10001 | 1 | Sally | Thomas
10002 | 2 | George | Bailey
10003 | 2 | George | Bailey
10004 | 1 | Edward | Walker

Let’s apply a few changes to the database, which will result in corresponding CDC events being emitted by Debezium:

docker-compose exec mysql bash -c 'mysql -u $MYSQL_USER -p$MYSQL_PASSWORD inventory'

mysql> INSERT INTO orders VALUES(default,NOW(), 1003,5,101);
Query OK, 1 row affected, 1 warning (0.02 sec)

mysql> UPDATE customers SET first_name='Annie' WHERE id=1004;
Query OK, 1 row affected (0.02 sec)
Rows matched: 1  Changed: 1  Warnings: 0

mysql> UPDATE orders SET quantity=20 WHERE order_number=10004;
Query OK, 1 row affected (0.02 sec)
Rows matched: 1  Changed: 1  Warnings: 0

You may notice that only changes in the orders table have triggered changes in the joined stream. This is a product of the stream/table join. We would need a stream/stream join to trigger changes if any of input streams is modified.

So the final result of the select after the database is modified is

10001 | 1 | Sally | Thomas
10002 | 2 | George | Bailey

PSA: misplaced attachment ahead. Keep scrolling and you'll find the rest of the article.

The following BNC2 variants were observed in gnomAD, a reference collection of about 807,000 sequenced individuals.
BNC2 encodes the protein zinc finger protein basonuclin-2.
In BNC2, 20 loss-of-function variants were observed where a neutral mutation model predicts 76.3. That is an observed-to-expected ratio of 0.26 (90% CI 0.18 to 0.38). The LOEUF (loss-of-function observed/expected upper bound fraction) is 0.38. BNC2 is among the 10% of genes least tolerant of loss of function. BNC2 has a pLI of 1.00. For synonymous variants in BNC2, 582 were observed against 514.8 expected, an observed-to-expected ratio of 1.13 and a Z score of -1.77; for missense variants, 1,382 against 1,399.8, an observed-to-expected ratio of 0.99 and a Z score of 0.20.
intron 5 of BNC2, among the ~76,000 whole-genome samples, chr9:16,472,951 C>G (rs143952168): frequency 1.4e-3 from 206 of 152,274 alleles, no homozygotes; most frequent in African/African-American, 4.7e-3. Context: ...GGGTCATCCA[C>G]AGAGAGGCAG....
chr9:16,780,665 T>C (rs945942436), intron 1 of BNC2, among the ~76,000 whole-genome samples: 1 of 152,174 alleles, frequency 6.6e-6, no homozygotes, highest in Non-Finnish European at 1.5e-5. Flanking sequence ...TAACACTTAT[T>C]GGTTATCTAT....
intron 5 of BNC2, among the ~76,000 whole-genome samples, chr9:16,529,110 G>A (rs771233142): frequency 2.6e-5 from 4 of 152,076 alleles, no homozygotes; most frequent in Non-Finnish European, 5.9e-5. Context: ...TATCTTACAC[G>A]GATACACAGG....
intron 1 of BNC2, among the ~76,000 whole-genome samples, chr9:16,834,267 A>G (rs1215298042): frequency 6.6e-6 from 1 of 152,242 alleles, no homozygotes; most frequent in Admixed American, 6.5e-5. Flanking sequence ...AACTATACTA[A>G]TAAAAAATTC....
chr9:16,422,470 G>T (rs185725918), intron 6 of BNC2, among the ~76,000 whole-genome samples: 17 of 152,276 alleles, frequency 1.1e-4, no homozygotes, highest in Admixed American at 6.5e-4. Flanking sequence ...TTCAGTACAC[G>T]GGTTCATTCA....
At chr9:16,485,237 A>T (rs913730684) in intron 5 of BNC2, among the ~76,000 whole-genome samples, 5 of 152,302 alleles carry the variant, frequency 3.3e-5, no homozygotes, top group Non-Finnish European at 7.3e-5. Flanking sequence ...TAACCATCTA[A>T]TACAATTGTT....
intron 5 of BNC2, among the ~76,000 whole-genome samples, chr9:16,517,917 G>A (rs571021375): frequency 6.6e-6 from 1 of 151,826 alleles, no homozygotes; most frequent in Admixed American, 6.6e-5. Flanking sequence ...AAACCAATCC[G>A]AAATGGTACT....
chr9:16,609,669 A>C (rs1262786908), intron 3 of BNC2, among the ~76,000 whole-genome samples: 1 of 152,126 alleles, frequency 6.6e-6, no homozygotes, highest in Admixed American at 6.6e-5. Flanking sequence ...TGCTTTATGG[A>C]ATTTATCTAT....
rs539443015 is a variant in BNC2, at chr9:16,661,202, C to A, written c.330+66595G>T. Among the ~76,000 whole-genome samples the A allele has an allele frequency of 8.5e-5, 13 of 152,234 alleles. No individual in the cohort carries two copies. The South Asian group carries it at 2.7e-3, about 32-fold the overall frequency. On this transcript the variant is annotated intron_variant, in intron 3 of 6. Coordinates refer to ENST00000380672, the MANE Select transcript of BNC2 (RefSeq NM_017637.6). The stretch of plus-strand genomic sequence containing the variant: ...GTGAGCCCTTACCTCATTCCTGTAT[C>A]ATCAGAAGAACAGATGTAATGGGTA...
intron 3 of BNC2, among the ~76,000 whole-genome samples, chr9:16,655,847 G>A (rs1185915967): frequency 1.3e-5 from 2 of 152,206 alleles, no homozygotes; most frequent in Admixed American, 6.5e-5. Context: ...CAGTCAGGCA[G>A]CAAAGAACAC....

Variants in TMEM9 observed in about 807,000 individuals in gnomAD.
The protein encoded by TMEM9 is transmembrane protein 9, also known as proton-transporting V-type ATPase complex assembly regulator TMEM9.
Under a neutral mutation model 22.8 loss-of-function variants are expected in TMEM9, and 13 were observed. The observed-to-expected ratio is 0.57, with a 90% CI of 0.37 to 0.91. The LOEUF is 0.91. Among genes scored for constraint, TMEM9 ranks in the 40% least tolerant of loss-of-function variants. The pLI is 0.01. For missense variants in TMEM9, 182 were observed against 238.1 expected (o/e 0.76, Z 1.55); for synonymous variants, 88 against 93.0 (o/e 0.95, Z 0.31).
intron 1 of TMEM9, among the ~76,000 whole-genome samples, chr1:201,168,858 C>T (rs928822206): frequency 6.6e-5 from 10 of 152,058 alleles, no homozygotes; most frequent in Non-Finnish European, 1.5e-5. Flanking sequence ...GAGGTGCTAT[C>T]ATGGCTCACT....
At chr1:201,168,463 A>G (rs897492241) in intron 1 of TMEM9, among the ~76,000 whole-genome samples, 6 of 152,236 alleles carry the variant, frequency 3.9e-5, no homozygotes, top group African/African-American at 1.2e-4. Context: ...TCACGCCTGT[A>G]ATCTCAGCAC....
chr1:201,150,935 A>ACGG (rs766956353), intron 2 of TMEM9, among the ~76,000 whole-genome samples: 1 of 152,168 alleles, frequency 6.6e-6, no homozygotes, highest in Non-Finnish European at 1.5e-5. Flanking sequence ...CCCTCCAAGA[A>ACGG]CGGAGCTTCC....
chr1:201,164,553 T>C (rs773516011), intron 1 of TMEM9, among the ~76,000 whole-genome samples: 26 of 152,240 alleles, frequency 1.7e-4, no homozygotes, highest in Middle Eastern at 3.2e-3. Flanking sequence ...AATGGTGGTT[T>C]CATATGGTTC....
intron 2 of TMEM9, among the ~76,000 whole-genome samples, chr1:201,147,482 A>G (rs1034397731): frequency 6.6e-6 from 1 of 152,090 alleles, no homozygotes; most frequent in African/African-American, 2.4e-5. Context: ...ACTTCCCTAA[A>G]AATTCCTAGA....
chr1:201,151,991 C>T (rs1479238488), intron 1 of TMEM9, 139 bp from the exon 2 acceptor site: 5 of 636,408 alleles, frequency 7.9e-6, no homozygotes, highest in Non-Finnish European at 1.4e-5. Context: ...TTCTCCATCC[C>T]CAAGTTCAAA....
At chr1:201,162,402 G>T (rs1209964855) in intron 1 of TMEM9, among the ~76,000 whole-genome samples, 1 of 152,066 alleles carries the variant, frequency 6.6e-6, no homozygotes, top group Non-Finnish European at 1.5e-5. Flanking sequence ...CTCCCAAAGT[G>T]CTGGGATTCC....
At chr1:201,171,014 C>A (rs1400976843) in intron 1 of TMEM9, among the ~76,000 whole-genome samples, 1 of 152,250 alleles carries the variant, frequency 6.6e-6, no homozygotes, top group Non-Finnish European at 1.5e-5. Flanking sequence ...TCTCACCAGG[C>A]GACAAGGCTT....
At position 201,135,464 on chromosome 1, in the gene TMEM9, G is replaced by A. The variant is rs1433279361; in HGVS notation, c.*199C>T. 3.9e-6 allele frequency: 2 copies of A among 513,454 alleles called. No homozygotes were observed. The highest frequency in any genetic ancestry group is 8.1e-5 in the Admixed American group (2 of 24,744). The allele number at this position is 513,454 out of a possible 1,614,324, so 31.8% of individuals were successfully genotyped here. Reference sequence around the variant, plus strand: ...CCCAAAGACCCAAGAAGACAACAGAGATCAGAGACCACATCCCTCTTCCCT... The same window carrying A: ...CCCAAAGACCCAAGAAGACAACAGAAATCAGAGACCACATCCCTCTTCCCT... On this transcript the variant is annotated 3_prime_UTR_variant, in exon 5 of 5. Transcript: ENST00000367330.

10003 | 2 | George | Bailey
10004 | 1 | Edward | Walker
10005 | 5 | Edward | Walker
10004 | 20 | Edward | Walker


We have successfully started a KSQL instance. We have mapped KSQL streams to Debezium topics filled by Debezium and made a join between them. We have also discussed the problem of repartioning in streaming applications.

If you’d like to try out this example with Avro encoding and schema registry then you can use our Avro example. Also for further details and more advanced usages just refer to the KSQL syntax reference.

In case you need help, have feature requests or would like to share your experiences with this example, please let us know in the comments below.

Jiri Pechanec

Jiri is a software developer (and a former quality engineer) at Red Hat. He spent most of his career with Java and system integration projects and tasks. He lives near Brno, Czech Republic.


About Debezium

Debezium is an open source distributed platform that turns your existing databases into event streams, so applications can see and respond almost instantly to each committed row-level change in the databases. Debezium is built on top of Kafka and provides Kafka Connect compatible connectors that monitor specific database management systems. Debezium records the history of data changes in Kafka logs, so your application can be stopped and restarted at any time and can easily consume all of the events it missed while it was not running, ensuring that all events are processed correctly and completely. Debezium is open source under the Apache License, Version 2.0.